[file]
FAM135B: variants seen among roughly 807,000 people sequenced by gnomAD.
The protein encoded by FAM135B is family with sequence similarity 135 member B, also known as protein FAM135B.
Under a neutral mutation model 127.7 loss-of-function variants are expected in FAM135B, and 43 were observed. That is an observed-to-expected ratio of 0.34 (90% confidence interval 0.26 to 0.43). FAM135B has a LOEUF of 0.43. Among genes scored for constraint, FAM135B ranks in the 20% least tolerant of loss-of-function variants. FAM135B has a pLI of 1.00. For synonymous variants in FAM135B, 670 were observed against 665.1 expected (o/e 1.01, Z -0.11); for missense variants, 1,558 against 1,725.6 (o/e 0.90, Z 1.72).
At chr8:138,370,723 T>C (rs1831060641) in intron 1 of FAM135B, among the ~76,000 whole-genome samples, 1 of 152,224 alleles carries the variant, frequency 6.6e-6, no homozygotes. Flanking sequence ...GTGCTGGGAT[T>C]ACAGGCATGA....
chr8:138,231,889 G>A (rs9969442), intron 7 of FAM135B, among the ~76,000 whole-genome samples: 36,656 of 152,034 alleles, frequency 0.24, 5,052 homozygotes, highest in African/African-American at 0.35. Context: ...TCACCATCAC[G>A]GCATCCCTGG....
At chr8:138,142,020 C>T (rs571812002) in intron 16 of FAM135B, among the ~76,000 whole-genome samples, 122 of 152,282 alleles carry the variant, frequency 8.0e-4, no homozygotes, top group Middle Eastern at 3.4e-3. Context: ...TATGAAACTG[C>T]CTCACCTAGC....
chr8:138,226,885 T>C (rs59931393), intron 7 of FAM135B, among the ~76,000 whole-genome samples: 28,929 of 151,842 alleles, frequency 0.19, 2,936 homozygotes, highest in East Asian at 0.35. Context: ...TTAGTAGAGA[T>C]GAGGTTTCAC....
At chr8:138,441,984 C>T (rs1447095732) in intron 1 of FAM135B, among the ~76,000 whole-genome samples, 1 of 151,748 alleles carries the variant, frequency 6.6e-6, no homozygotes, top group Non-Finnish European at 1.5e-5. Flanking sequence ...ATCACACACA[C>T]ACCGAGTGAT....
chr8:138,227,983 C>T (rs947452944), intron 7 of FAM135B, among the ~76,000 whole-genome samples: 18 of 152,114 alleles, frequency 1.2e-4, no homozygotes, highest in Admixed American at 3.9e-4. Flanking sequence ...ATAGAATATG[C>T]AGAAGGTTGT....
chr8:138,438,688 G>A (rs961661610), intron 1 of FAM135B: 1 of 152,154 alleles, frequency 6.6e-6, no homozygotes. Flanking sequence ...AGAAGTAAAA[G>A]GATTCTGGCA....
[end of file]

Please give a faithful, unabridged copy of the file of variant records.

FAM135B: variants seen among roughly 807,000 people sequenced by gnomAD.
The protein encoded by FAM135B is family with sequence similarity 135 member B, also known as protein FAM135B.
Under a neutral mutation model 127.7 loss-of-function variants are expected in FAM135B, and 43 were observed. That is an observed-to-expected ratio of 0.34 (90% confidence interval 0.26 to 0.43). FAM135B has a LOEUF of 0.43. Among genes scored for constraint, FAM135B ranks in the 20% least tolerant of loss-of-function variants. FAM135B has a pLI of 1.00. For synonymous variants in FAM135B, 670 were observed against 665.1 expected (o/e 1.01, Z -0.11); for missense variants, 1,558 against 1,725.6 (o/e 0.90, Z 1.72).
At chr8:138,370,723 T>C (rs1831060641) in intron 1 of FAM135B, among the ~76,000 whole-genome samples, 1 of 152,224 alleles carries the variant, frequency 6.6e-6, no homozygotes. Flanking sequence ...GTGCTGGGAT[T>C]ACAGGCATGA....
chr8:138,231,889 G>A (rs9969442), intron 7 of FAM135B, among the ~76,000 whole-genome samples: 36,656 of 152,034 alleles, frequency 0.24, 5,052 homozygotes, highest in African/African-American at 0.35. Context: ...TCACCATCAC[G>A]GCATCCCTGG....
At chr8:138,142,020 C>T (rs571812002) in intron 16 of FAM135B, among the ~76,000 whole-genome samples, 122 of 152,282 alleles carry the variant, frequency 8.0e-4, no homozygotes, top group Middle Eastern at 3.4e-3. Context: ...TATGAAACTG[C>T]CTCACCTAGC....
chr8:138,226,885 T>C (rs59931393), intron 7 of FAM135B, among the ~76,000 whole-genome samples: 28,929 of 151,842 alleles, frequency 0.19, 2,936 homozygotes, highest in East Asian at 0.35. Context: ...TTAGTAGAGA[T>C]GAGGTTTCAC....
At chr8:138,441,984 C>T (rs1447095732) in intron 1 of FAM135B, among the ~76,000 whole-genome samples, 1 of 151,748 alleles carries the variant, frequency 6.6e-6, no homozygotes, top group Non-Finnish European at 1.5e-5. Flanking sequence ...ATCACACACA[C>T]ACCGAGTGAT....
chr8:138,227,983 C>T (rs947452944), intron 7 of FAM135B, among the ~76,000 whole-genome samples: 18 of 152,114 alleles, frequency 1.2e-4, no homozygotes, highest in Admixed American at 3.9e-4. Flanking sequence ...ATAGAATATG[C>T]AGAAGGTTGT....
chr8:138,438,688 G>A (rs961661610), intron 1 of FAM135B: 1 of 152,154 alleles, frequency 6.6e-6, no homozygotes. Flanking sequence ...AGAAGTAAAA[G>A]GATTCTGGCA....